Question: Is The Usual Suspects credited with ushering in an era of shocking last-second movie twists, or is that considered to have been a long-standing plot device? It seems like ever since that movie, suspense thrillers just aren't complete without a big shocker ending.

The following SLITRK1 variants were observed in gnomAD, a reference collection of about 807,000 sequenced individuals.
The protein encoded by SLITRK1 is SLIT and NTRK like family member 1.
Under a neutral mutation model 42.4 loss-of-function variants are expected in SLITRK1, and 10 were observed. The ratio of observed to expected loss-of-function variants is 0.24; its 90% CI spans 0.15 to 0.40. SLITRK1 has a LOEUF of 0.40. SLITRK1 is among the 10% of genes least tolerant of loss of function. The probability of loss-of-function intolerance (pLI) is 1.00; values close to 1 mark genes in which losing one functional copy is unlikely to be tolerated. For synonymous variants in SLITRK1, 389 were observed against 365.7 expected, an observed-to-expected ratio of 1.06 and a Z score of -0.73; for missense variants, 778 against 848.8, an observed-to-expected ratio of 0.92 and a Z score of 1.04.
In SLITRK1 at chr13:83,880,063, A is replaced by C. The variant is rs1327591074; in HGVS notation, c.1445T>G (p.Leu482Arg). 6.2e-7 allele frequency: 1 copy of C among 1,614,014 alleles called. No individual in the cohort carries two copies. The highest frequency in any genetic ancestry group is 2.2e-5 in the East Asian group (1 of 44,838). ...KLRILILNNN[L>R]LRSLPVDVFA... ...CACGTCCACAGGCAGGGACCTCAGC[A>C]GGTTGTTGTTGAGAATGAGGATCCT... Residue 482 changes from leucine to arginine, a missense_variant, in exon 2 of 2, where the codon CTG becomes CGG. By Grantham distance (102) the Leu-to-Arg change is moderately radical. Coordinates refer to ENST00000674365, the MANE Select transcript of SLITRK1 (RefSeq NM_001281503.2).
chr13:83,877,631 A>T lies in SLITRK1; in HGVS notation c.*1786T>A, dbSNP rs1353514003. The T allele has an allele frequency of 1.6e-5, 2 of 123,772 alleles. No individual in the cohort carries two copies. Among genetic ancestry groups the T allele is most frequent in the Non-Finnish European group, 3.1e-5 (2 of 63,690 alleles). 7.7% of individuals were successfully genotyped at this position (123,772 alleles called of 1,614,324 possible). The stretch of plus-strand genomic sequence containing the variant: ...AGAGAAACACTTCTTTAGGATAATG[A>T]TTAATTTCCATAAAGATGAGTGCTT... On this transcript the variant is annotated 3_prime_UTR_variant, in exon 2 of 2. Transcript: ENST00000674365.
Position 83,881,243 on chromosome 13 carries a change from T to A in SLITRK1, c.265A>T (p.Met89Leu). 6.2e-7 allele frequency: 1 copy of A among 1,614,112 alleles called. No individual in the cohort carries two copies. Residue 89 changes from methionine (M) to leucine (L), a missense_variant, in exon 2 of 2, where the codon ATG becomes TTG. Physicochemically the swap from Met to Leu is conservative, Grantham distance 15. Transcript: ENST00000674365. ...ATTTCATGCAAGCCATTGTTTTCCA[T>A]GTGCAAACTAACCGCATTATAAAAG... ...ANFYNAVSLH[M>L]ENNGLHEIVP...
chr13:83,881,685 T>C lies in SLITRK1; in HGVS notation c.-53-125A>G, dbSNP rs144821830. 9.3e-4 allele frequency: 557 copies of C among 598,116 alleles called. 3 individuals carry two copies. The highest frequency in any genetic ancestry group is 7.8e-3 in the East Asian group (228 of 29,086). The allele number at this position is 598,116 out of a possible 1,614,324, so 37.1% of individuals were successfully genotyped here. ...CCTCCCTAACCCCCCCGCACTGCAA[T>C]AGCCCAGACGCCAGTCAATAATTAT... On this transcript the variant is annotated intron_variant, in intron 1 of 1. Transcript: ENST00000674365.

Answer: My gut is that Psycho (1960), which predates The Usual Suspects (1995) by 35 years, was among the first mainstream movies in which a last-minute twist changes the entire tenor of what precedes it. The revelation that Mrs. Bates is dead and her son, Norman (Anthony Perkins), has committed a series of murders dressed in her clothes was such a world-class shocker that keeping it secret became part of the movie's publicity campaign, which director Alfred Hitchcock helped design. The trailer included the warning, "See it uncut! Intact! No one will be admitted to see it except from the very beginning!" Posters and newspaper ads declared "No one... But no one… will be admitted to the theater after the start of each performance of Psycho," and theater owners and managers were expected to act as the first line of defense; Paramount press books suggested that they hire Pinkerton guards. Lines reportedly stretched around the block.